Match-Rate Funds

AAA

DEFINITION of 'Match-Rate Funds'

When the interest rate on a loan matches (or is extremely close to) the interest rate on the source of the funds loaned out. An example of this would be if a bank accepted a $100,000 deposit and agreed to pay 5% interest on it for five years, then loaned the $100,000 out at 5.25%.

A securitization lender would be a typical user of match-rate funds.

INVESTOPEDIA EXPLAINS 'Match-Rate Funds'

Match-rate funds typically come with very high penalty fees for early prepayment because the intermediary has agreed to pay a specific interest rate to the depositor. If prepayment was not discouraged, the intermediary could end up paying interest after it had stopped receiving interest payments.

RELATED TERMS
  1. Interest Rate

    The amount charged, expressed as a percentage of principal, by ...
  2. Securitization

    The process through which an issuer creates a financial instrument ...
  3. Mortgage-Backed Security (MBS)

    A type of asset-backed security that is secured by a mortgage ...
  4. Personal Property Securities Register ...

    A written, public, online record of legal claims to personal ...
  5. Purchase Money Security Interest ...

    A security interest or claim on property that enables a lender ...
  6. Deficiency Balance

    The amount owed to a creditor if the sale proceeds from the collateral ...
RELATED FAQS
  1. How does the bond market react to changes in the Federal Funds Rate?

    The bond market is highly sensitive to changes in the federal funds rate. When the Federal Reserve increases the federal ... Read Full Answer >>
  2. What is a 'busted' convertible bond?

    In finance, a convertible bond represents a hybrid security that offers debt and equity features and risks. While a convertible ... Read Full Answer >>
  3. What are the differences between the Federal Funds Rate and LIBOR?

    In macroeconomics, the interest rate plays a crucial role in delivering an equilibrium on the assets market by equating the ... Read Full Answer >>
  4. How does a bank determine what my discretionary income is when making a loan decision?

    Discretionary income is the money left over from your gross income each month after taking out taxes and paying for necessities. ... Read Full Answer >>
  5. What is the correlation between inflation and interest rate risk?

    There is a positive correlation between inflation and interest rate risk. Inflation basically occurs when there is too much ... Read Full Answer >>
  6. What is the correlation between term structure of interest rates and recessions?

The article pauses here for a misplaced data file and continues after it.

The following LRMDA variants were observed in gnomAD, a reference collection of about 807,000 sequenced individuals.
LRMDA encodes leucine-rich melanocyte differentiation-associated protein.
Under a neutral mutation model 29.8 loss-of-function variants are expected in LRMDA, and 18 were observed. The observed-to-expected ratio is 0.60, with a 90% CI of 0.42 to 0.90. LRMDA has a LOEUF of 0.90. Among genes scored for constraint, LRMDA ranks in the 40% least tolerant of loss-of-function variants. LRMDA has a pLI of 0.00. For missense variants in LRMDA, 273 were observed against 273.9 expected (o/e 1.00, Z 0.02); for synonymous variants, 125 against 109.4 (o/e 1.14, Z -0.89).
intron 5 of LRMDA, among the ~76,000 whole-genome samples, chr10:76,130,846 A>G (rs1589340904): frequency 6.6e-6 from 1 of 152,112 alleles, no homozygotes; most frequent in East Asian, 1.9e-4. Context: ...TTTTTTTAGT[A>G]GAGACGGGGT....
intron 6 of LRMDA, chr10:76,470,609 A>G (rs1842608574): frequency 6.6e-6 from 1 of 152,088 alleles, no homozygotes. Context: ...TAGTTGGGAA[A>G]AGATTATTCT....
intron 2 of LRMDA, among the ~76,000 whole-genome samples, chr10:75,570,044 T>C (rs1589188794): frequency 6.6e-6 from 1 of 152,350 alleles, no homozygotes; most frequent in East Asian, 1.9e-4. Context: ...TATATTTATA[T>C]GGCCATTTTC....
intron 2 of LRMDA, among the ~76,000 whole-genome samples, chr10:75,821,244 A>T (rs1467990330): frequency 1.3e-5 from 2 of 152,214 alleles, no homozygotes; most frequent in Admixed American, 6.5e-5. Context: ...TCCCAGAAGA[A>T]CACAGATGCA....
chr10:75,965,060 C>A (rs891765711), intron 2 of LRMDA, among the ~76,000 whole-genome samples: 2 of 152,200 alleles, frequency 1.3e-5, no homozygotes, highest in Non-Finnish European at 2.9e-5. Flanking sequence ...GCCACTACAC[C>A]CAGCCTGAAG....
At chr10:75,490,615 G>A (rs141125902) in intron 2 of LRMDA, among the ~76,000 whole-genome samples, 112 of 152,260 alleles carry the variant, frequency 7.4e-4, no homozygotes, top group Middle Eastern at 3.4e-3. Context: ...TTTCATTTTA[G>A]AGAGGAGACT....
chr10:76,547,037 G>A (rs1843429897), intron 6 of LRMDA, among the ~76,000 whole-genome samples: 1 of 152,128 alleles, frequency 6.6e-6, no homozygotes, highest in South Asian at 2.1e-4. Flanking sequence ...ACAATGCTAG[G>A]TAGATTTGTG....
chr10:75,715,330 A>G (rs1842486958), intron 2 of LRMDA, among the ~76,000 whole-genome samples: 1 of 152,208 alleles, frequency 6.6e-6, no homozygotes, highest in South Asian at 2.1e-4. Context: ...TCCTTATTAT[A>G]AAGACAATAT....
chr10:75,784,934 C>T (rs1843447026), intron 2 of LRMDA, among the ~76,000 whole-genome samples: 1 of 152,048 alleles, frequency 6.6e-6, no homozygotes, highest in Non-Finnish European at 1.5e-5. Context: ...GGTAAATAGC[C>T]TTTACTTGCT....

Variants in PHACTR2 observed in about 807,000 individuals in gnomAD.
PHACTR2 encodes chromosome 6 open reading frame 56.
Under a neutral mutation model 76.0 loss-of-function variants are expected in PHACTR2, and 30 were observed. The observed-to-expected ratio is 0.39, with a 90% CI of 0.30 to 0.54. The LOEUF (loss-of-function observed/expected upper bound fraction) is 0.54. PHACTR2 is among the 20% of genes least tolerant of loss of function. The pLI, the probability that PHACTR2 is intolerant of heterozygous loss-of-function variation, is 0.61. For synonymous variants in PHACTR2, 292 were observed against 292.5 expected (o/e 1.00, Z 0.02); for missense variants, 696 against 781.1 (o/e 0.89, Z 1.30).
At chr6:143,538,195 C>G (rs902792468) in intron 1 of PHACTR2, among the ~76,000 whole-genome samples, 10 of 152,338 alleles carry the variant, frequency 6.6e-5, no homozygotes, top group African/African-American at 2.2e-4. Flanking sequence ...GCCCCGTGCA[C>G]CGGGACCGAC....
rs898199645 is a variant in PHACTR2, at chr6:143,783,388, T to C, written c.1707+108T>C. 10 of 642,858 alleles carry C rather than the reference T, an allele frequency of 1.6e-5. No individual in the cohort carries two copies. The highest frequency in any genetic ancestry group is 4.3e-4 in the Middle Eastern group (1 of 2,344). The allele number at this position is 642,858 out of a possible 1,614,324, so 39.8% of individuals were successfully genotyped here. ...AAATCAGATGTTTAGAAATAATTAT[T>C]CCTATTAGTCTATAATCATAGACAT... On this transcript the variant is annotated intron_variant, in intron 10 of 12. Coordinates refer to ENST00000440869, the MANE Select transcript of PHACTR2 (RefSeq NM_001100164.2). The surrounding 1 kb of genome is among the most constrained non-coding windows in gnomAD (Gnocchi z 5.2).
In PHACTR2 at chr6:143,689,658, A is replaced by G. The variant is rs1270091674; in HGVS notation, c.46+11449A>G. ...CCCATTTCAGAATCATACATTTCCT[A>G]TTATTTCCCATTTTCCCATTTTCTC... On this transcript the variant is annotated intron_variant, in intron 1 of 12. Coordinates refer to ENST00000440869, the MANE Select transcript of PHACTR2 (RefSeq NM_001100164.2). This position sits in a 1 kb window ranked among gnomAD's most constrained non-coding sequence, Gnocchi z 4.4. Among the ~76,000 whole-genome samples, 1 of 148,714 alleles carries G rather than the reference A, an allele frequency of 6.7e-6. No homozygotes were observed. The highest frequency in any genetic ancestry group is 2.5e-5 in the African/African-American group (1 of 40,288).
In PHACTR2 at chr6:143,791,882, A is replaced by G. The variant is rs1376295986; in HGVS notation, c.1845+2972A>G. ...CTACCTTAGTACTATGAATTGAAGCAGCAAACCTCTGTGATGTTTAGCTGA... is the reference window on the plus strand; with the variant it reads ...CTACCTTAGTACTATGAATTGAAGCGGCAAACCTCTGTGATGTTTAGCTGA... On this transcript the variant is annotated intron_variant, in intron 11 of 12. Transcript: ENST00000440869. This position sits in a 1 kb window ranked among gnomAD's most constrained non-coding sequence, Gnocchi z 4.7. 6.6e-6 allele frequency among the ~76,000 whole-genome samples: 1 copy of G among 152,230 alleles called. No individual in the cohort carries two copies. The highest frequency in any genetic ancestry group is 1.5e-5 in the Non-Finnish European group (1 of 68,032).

There is no question that interest rates have enormous macroeconomic importance. Many economists and analysts believe the ... Read Full Answer >>
Related Articles
  1. Mutual Funds & ETFs

    ETF Analysis: Select Sector Financial SPDR

    Find out more about the Financial Select Sector SPDR Fund, the characteristics of the exchange traded fund, and the suitability of fund.
  2. Mutual Funds & ETFs

    ETF Analysis: Vanguard Total Bond Market

    Learn about the Vanguard Total Bond Market exchange-traded fund, its primary portfolio holdings and risk/reward profile based on its past performance.
  3. Bonds & Fixed Income

    What are Floating-Rate Notes?

    A floating-rate note is a debt instrument with an interest rate that “floats,” or varies. They are also called floaters.
  4. Credit & Loans

    Understanding Your FICO Score

    Lenders use the FICO score to assess a loan applicant’s credit risk.
  5. Professionals

    Will Consumer Spending Save 2015?

    Consumer spending is considered an important number (and it is), but a savvy investor will always look at "why" rather than just "what." You should too.
  6. Economics

    Examples Of Negative Interest Rates

    Negative interest rates seem like an abstract notion. But, they have practical consequences for an economy and are present all around us.
  7. Personal Finance

    Are Markets Ready For An Interest Rate Hike?

    Despite financial market fears over the uncertainty of Greece’s debt crisis and the recent drop in China’s stock-market, Federal Reserve Chairwoman Janet Yellen has reaffirmed the Fed’s plans ...
  8. Home & Auto

    How the Fed Affects Reverse Mortgages

    An in depth look at how the Federal Reserve affects reverse mortgages.
  9. Economics

    Do Interest Rate Changes Affect Dividend Payers?

    Interest rate changes have an effect on prices of dividend-rich stocks in interest rate sensitive sectors like utilities, pipelines, telecommunications and REITs.
  10. Trading Strategies

    Will Higher Interest Rates Hurt Trading Activities?

    Do higher interest rates lead to less trading and lower interest rates lead to more trading? Investopedia debunks common myths around interest rates and trading.

You May Also Like

Hot Definitions
  1. Nuncupative Will

    A verbal will that must have two witnesses and can only deal with the distribution of personal property. A nuncupative will ...
  2. OsMA

    An abbreviation for Oscillator - Moving Average. OsMA is used in technical analysis to represent the variance between an ...
  3. Investopedia

    One of the best-known sources of financial information on the internet. Investopedia is a resource for investors, consumers ...
  4. Unfair Claims Practice

    The improper avoidance of a claim by an insurer or an attempt to reduce the size of the claim. By engaging in unfair claims ...
  5. Killer Bees

    An individual or firm that helps a company fend off a takeover attempt. A killer bee uses defensive strategies to keep an ...
  6. Sin Tax

    A state-sponsored tax that is added to products or services that are seen as vices, such as alcohol, tobacco and gambling. ...
Trading Center
×

You are using adblocking software

Want access to all of Investopedia? Add us to your “whitelist”
so you'll never miss a feature!